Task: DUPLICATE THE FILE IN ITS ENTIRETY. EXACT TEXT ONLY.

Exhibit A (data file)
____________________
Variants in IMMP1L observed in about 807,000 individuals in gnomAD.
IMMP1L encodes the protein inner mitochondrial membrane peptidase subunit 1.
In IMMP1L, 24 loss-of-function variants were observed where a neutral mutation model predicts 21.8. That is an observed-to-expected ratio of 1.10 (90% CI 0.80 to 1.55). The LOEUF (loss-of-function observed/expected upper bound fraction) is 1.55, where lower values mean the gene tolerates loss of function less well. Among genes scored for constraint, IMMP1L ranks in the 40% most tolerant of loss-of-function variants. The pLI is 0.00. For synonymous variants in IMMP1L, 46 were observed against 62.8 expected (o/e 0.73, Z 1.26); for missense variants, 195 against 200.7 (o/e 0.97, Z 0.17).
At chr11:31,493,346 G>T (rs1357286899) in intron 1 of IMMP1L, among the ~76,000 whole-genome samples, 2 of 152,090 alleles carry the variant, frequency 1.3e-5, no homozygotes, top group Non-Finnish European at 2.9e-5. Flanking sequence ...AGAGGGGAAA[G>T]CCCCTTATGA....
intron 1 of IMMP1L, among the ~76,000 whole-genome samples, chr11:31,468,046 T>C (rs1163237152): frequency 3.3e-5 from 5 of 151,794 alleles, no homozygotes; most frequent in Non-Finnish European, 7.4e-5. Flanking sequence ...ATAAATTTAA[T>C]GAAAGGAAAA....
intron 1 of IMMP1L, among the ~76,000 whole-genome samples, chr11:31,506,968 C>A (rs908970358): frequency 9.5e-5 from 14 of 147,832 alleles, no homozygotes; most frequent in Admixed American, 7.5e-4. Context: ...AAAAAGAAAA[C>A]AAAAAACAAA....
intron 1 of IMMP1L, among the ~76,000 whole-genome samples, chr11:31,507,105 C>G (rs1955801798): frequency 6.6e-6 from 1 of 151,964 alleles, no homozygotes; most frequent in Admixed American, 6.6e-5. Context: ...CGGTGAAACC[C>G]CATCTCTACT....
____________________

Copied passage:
Variants in IMMP1L observed in about 807,000 individuals in gnomAD.
IMMP1L encodes the protein inner mitochondrial membrane peptidase subunit 1.
In IMMP1L, 24 loss-of-function variants were observed where a neutral mutation model predicts 21.8. That is an observed-to-expected ratio of 1.10 (90% CI 0.80 to 1.55). The LOEUF (loss-of-function observed/expected upper bound fraction) is 1.55, where lower values mean the gene tolerates loss of function less well. Among genes scored for constraint, IMMP1L ranks in the 40% most tolerant of loss-of-function variants. The pLI is 0.00. For synonymous variants in IMMP1L, 46 were observed against 62.8 expected (o/e 0.73, Z 1.26); for missense variants, 195 against 200.7 (o/e 0.97, Z 0.17).
At chr11:31,493,346 G>T (rs1357286899) in intron 1 of IMMP1L, among the ~76,000 whole-genome samples, 2 of 152,090 alleles carry the variant, frequency 1.3e-5, no homozygotes, top group Non-Finnish European at 2.9e-5. Flanking sequence ...AGAGGGGAAA[G>T]CCCCTTATGA....
intron 1 of IMMP1L, among the ~76,000 whole-genome samples, chr11:31,468,046 T>C (rs1163237152): frequency 3.3e-5 from 5 of 151,794 alleles, no homozygotes; most frequent in Non-Finnish European, 7.4e-5. Flanking sequence ...ATAAATTTAA[T>C]GAAAGGAAAA....
intron 1 of IMMP1L, among the ~76,000 whole-genome samples, chr11:31,506,968 C>A (rs908970358): frequency 9.5e-5 from 14 of 147,832 alleles, no homozygotes; most frequent in Admixed American, 7.5e-4. Context: ...AAAAAGAAAA[C>A]AAAAAACAAA....
intron 1 of IMMP1L, among the ~76,000 whole-genome samples, chr11:31,507,105 C>G (rs1955801798): frequency 6.6e-6 from 1 of 151,964 alleles, no homozygotes; most frequent in Admixed American, 6.6e-5. Context: ...CGGTGAAACC[C>G]CATCTCTACT....